According to Russia’s state statistics agency Rosstat, the overall mortality rate in Russia has decreased by almost a quarter since 2005. However, Rosstat does not believe such rates of decrease will continue over the next 15 years. Moreover, the mortality rate is expected to rise again by the mid-2030s.
For international comparisons, so-called “standardized” indicators are used, which take into account the age structure of a country’s populace. Of course, countries where the proportion of “young” generations is higher will have lower simple indicators of total mortality than countries in which the proportion of older people is higher.
We have used these indicators to compare the G20 countries, which together account for more than 80% of global GDP. The most recent estimates for individual countries submitted by the World Health Organization (WHO) are for 2016:
The very structure of mortality in Russia has changed markedly over the past decade. The proportion of diseases of the cardiovascular system (the single largest cause of death), dropped from 57.1 percent of all deaths in 2008 to 46.3 percent in 2018, while the percentage of deaths due to “external causes” (including traffic accidents, murders and suicides, poisoning, etc.), dropped markedly – from 11.8 percent in 2008 to 7.2 percent in 2018.
At the same time, the percentage of neoplasms (the vast majority of them malignant) grew among the causes of death, from 13.9 percent in 2008 to 15.9 percent in 2018, while the percentage deaths from diseases of the nervous system increased nearly nine-fold -- from 0.7 percent of the total in 2008 to 6.2 percent in 2018.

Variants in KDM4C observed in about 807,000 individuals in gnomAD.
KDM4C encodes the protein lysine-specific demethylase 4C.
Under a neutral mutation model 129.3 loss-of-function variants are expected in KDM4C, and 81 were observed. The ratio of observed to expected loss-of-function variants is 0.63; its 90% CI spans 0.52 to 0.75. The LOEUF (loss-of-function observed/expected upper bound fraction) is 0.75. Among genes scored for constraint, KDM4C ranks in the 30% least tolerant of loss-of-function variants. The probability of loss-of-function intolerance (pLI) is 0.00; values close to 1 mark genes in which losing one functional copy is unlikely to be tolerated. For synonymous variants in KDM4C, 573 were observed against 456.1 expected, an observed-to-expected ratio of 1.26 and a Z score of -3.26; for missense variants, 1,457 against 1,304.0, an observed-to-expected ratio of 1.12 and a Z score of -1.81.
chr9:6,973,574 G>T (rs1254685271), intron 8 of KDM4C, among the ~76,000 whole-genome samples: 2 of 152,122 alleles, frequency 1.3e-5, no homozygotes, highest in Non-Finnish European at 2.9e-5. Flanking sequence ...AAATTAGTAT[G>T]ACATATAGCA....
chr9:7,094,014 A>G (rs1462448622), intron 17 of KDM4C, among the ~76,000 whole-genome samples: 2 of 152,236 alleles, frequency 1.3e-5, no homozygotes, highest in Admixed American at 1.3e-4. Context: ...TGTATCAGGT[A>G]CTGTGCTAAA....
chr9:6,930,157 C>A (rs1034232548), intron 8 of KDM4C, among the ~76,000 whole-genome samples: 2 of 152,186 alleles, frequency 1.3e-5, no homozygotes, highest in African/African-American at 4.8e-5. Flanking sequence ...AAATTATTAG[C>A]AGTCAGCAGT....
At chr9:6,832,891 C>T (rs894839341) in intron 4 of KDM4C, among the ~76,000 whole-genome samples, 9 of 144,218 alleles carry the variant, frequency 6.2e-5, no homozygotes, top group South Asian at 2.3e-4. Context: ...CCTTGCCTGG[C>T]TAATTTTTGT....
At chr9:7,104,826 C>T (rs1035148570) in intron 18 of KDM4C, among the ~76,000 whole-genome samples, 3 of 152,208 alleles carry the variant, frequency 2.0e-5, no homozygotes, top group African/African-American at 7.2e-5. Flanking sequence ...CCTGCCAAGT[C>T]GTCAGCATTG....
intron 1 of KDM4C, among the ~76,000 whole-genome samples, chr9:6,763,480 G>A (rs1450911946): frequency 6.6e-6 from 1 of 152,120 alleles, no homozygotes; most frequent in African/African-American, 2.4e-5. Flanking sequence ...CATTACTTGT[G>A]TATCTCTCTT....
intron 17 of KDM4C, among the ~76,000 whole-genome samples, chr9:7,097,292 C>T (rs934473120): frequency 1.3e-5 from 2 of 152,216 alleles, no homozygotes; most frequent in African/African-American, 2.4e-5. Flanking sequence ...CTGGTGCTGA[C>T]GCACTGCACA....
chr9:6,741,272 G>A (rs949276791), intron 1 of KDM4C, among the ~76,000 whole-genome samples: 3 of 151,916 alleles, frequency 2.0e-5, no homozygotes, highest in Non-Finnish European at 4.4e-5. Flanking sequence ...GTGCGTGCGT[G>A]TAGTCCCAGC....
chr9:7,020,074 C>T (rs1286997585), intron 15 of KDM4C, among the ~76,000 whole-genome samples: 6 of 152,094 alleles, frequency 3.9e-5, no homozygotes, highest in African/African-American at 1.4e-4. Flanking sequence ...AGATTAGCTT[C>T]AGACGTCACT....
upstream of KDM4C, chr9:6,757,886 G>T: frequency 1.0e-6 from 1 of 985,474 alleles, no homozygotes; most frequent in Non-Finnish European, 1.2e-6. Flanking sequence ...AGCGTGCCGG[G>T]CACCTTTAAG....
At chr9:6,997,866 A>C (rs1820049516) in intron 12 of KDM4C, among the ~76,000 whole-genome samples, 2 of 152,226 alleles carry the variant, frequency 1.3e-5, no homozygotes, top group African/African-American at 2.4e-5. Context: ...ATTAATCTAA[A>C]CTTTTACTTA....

The mortality rate in Russia from all cardiovascular diseases has indeed decreased by 37% the past 13 years, according to Rosstat. Yet, according to the WHO, Russia’s rate of death from cardiovascular disease remains the highest in the G20, and almost twice the world average:
Fatalities from traffic accidents in Russia have decreased significantly over the last 13 years, from a high of 18.2 per 100,000 people in 2007 to 9.7 per 100,000 people in 2018. That is 15 percent lower than the world average but higher than the G20 average:
Mortality from tuberculosis has decreased in Russia by a factor of four since 2005, according to Rosstat, and, according to the WHO, the number of tuberculosis deaths in Russia in 2016 was 2.6 times lower than the world average (6.5 deaths per 100,000 vs. 16.9 deaths per 100,000). Still, Russia had the fourth highest rate of deaths from tuberculosis among the G20 countries, although the three countries with the highest rates – India, South Africa and Indonesia – had rates much higher than Russia’s.
This fact check is translated from our partner, Factograph.info.